Atlanta-based developer Carter will negotiate for incentives and a land deal for the proposed $140 million, mixed-use project on the Downtown riverfront.
The Downtown Investment Authority will start negotiations with Atlanta-based developer Carter to build The Hardwick at The Ford on Bay, a $140 million mixed-use apartment project.
The DIA board voted 6-0 on Jan. 19 to award Carter the 2.4-acre riverfront parcel at 330 E. Bay St. after the company scored the highest of six firms in the city’s request for proposals to redevelop the former Duval County Courthouse site.
Carter’s proposal comprises 332 apartments in a 300-foot-tall tower and 75-foot-tall pedestal with ground-floor retail.
The vote followed a unanimous recommendation Jan. 18 by the board’s Retail Enhancement and Property Disposition Committee.
Board members Bill Adams and Braxton Gillam attended the Jan. 19 meeting via Zoom and could not vote. Ron Moody was absent.
Carter has been in business since 1958 with a national reach, according to CBRE, which provided the real estate analysis of The Ford on Bay bids.
Carter President and CEO Scott Taylor said Jan. 18 that his company sees Jacksonville’s job growth rate, quality of life and “reasonable” cost of living as putting the area development market in an “upward trajectory.”
“Frankly, we believe that Jacksonville has a tremendous amount of opportunity to be that next frontier,” Taylor said.
Carter said its design is inspired by the midcentury modern architecture and designs of Jacksonville architect Taylor Hardwick.
Hardwick’s projects include the Haydon Burns Library and Friendship Fountain. The library nows is the Jessie Ball duPont Center.
During the Jan. 18 committee debate, board member Oliver Barakat said The Hardwick’s proposed architectural quality and homage to a prominent local voice in building design “took it to another level.”
“You look at all the comments and controversy around the (former Jacksonville) Landing site, Riverfront Plaza, you see a city that wants something unique and iconic,” Barakat said.
“I think Carter has brilliantly tapped into our history and also tapped into this newfound appreciation for midcentury architecture and on open space and hit on a lot of our hot buttons.”
DIA CEO Lori Boyer said she hopes to complete negotiations on the terms of the land deal and possible incentives package by March to return to the board for additional approval.
The resolution passed Jan. 19 calls for 75 days to complete talks. If those fail, the board could consider one of the other five bids.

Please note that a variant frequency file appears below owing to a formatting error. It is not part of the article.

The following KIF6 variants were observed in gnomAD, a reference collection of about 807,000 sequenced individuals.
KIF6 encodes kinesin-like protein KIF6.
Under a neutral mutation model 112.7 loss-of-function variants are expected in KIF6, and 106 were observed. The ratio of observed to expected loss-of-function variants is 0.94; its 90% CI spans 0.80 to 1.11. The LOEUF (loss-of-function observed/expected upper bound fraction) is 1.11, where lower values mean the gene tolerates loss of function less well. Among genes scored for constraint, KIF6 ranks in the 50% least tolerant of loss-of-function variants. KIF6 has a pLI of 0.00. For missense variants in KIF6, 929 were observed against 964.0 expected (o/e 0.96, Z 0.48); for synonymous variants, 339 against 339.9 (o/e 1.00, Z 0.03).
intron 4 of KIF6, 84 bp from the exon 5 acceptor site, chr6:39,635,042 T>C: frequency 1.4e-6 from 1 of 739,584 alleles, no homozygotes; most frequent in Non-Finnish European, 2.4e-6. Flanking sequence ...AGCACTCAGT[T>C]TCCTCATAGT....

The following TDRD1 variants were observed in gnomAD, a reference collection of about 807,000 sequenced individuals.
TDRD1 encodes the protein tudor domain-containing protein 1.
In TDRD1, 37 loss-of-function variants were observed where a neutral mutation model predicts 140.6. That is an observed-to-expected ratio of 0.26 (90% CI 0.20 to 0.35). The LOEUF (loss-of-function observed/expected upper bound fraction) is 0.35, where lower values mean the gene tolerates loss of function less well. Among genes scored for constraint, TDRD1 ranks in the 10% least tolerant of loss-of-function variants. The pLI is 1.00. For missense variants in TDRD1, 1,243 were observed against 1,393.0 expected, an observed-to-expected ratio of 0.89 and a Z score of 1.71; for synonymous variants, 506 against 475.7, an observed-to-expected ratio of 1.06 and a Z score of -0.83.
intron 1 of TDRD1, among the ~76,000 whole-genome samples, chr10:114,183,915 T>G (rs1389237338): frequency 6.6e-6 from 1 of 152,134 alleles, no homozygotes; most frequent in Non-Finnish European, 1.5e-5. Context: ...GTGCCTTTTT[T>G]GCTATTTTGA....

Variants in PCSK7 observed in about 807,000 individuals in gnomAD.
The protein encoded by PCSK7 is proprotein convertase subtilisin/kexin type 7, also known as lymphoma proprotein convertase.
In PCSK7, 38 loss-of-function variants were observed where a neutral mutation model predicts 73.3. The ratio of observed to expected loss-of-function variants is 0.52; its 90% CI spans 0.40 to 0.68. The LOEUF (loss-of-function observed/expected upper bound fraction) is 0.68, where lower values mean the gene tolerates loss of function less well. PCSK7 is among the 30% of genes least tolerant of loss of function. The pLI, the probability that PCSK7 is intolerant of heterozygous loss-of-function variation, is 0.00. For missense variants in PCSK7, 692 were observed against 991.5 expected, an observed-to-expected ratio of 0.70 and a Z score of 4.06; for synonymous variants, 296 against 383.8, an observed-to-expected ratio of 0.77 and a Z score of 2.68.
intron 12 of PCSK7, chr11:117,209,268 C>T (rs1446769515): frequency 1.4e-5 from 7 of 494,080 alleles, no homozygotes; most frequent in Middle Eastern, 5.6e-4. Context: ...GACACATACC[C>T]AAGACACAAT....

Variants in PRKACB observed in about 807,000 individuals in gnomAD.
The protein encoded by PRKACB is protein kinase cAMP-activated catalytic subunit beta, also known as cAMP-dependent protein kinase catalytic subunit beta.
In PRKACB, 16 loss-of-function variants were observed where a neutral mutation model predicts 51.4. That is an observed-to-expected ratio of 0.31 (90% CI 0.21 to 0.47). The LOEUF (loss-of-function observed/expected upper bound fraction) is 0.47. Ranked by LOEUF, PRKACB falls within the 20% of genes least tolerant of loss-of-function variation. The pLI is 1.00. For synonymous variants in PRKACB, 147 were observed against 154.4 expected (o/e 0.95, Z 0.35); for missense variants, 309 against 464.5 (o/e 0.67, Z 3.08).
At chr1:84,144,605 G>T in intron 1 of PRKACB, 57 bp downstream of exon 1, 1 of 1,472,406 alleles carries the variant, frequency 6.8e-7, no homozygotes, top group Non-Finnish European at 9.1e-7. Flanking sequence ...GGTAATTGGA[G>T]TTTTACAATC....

Carter said it plans to ask for 20-year, 75% Recapture Enhanced Value Grant, a property tax refund, and for the city to offer the riverfront site at no cost.
Legislation that would finalize those requests could be filed with City Council as soon as April, Boyer said.
The DIA board said the $140 million price was an attractive part of the bid but had some concern about how long it would take Carter to secure equity and financing for it.
The only pitch that offered a higher capital investment was SouthEast Development Group’s $253.45 million Reverb by Hard Rock hotel, apartment and retail proposal.
Board members liked The Hardwick’s $2.79 per-square-foot rental rate proposed for its apartments, but they also did not want financing troubles to create a repeat of the last time the DIA tried to develop The Ford on Bay.
The DIA canceled a tentative deal with New York City-based Spandrel Development Partners LLC for a $136 million mixed-use multifamily retail project after negotiations fell through.
The DIA branded the former courthouse site The Ford on Bay in 2019. It included the adjacent 2.39-acre former City Hall Annex site at 220 E. Bay St. and 3.1 acres of submerged land in the St. Johns River.
The DIA this time included only the courthouse site in its request for project bids.
CBRE says Carter has invested in $1.2 billion in assets in the last decade, primarily in mixed-use multifamily, office and student housing projects.
In Florida, the company has about $300 million in multifamily development under construction as of summer 2022 near Orlando, Tampa and Lakeland.
Taylor also told the committee he is working to obtain financing locally with Ross Singletary, a managing partner with investment advisory firm Arcus Capital Partners.
The Carter executive said the firm has $25 million in local investment commitment in the project.
Taylor said it has not gone out into the market to raise the capital, but Carter noted in its presentation it expects $91 million in debt financing and $49 million in equity investment.
Boyer said Jan. 19 she is optimistic that Carter’s team can deliver financially.
“I don’t think that the board would have selected this project if they didn’t believe it was financially feasible and that it would really happen,” Boyer said.
“That’s not to say there weren’t other responses that were not a sure thing.”
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